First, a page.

• If subjected to heat, they are less likely to seize than fine threads.

Fine Threads:
  • Fine threads are commonly used for nuts and bolts in high strength applications.
  • While applications vary, in general, fine threads are approximately 10% stronger than coarse threads.
  • They have less of a tendency to loosen under vibration because the smaller lead or thread helix angle provides better wedging action when the assembly is tightened.
  • Fine threads are also used for fine adjustment and thin walled applications due to the shallower thread height.
  • Fine threads are generally easier to tap. Since the thread height is shallower, the chip load per tooth and chip volume are lower, resulting in less tapping torque and breakage, particularly in difficult to machine materials. Less chip volume also means that more lubrication will reach the cutting teeth resulting in longer tap life.
  • Fine threads require larger tap drill than for coarse threads, which improves the performance of the drill and tap
TOH
 
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Machine249
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PostPosted: Fri Feb 08, 2013 1:17 pm    Post subject: Re: OT Threads: fine vs course Reply to specific post Reply with quote

Thanks for the repies fellas. There is some very good information here. Something for me to keep in mind when fabricating and/or restoring parts. Thanks again.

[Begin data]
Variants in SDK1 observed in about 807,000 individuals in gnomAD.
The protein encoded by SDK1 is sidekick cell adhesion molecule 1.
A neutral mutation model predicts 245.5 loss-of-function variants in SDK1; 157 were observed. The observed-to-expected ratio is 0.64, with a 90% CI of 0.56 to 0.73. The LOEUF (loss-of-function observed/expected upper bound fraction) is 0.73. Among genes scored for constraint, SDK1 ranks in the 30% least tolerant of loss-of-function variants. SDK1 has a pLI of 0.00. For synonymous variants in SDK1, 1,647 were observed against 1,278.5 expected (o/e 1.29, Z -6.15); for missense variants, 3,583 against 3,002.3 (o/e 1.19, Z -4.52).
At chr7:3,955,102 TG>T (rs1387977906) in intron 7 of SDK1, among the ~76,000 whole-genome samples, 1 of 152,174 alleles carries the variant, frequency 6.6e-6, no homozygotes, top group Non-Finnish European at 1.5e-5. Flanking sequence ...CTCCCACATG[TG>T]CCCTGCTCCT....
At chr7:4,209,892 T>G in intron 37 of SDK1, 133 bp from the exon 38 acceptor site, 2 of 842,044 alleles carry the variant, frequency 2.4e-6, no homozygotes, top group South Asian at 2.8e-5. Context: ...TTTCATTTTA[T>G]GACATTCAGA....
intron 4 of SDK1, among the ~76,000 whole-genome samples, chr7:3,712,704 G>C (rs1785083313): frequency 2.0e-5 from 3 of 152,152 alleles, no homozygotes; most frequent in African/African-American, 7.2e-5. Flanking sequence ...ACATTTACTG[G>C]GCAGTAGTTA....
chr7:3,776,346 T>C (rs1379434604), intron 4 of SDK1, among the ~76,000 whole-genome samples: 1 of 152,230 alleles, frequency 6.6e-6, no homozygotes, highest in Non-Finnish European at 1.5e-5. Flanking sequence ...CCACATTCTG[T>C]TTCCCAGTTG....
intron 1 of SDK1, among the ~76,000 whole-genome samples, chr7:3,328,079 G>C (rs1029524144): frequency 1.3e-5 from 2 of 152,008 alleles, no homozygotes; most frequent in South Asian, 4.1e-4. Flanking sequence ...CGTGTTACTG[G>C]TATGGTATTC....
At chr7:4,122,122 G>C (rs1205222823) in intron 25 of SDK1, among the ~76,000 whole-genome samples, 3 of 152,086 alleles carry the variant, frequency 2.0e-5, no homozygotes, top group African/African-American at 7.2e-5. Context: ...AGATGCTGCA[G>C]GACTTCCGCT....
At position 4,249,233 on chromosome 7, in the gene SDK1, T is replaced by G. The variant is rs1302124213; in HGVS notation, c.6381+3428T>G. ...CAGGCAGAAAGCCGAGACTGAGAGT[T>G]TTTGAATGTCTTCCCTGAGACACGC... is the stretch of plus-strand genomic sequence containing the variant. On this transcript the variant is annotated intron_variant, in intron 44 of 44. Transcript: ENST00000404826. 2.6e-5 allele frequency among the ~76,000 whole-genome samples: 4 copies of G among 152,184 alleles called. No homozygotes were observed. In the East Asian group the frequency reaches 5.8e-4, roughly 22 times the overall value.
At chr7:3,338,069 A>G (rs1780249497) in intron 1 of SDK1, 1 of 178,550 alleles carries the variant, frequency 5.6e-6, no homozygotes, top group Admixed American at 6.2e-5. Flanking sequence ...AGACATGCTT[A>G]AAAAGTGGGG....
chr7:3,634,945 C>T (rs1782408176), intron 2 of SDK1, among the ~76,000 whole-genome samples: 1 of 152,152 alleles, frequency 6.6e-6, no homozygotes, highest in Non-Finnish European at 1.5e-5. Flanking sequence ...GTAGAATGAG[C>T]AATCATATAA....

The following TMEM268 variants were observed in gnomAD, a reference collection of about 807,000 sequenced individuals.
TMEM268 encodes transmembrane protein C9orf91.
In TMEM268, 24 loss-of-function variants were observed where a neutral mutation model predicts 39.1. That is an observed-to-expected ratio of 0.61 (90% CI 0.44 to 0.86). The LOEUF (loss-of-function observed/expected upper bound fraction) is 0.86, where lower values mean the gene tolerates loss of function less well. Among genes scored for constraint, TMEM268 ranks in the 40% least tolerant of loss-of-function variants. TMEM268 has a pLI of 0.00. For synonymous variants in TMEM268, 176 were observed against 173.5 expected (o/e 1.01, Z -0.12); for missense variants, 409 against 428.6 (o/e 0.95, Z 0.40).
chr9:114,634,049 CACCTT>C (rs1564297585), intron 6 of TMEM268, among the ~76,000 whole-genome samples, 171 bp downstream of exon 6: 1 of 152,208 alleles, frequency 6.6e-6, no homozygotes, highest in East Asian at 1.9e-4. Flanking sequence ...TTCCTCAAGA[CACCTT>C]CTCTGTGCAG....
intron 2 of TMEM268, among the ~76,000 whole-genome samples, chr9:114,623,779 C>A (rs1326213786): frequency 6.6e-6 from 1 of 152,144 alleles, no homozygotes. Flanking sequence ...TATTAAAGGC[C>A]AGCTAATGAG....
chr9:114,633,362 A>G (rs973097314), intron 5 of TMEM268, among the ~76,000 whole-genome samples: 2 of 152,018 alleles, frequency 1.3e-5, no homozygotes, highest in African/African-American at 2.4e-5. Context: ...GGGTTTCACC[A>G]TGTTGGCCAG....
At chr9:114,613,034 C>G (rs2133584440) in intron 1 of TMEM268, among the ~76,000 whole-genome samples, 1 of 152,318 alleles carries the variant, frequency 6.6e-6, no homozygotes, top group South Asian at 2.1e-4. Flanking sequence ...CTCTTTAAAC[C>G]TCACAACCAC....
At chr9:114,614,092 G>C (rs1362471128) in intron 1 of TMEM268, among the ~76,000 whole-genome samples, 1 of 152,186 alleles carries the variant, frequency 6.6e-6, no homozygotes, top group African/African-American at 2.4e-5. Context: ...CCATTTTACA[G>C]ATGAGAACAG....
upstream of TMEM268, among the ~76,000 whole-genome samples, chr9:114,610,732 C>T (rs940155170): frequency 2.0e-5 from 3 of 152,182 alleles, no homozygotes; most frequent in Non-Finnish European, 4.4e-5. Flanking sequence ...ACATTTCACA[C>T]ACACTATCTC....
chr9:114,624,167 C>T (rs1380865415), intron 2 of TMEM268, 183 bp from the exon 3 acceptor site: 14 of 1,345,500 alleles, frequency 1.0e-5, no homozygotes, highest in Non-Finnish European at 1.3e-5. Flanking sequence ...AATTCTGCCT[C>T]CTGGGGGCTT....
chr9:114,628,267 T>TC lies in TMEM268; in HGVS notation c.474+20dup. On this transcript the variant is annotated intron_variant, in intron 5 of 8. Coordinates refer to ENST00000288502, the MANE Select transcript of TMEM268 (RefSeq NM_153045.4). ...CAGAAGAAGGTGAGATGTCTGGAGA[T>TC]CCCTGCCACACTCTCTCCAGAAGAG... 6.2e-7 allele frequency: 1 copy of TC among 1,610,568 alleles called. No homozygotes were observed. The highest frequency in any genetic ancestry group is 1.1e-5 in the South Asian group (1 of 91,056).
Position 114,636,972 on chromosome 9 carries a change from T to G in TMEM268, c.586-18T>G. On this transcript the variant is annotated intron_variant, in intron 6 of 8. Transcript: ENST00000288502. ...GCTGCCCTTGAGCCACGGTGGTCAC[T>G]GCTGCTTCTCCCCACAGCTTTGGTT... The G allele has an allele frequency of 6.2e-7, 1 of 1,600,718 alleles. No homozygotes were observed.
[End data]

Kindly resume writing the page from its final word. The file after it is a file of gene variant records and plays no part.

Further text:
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Del Huebner
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PostPosted: Fri Feb 08, 2013 3:02 pm    Post subject: Re: OT Threads: fine vs course Reply to specific post Reply with quote

Very good information, just printed a copy off for my notebook.
 
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John,PA
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PostPosted: Fri Feb 08, 2013 3:54 pm    Post subject: Re: OT Threads: fine vs course Reply to specific post Reply with quote

Fine threads are most common in aviation fastners. Howevers, what makes me nervous are 'dem ultra-lights and home builders.

John,PA A&E. EXPERIMENTAL equipment is all that is necessary for placards.
 
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Maineman
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PostPosted: Fri Feb 08, 2013 3:58 pm    Post subject: Re: OT Threads: fine vs course Reply to specific post Reply with quote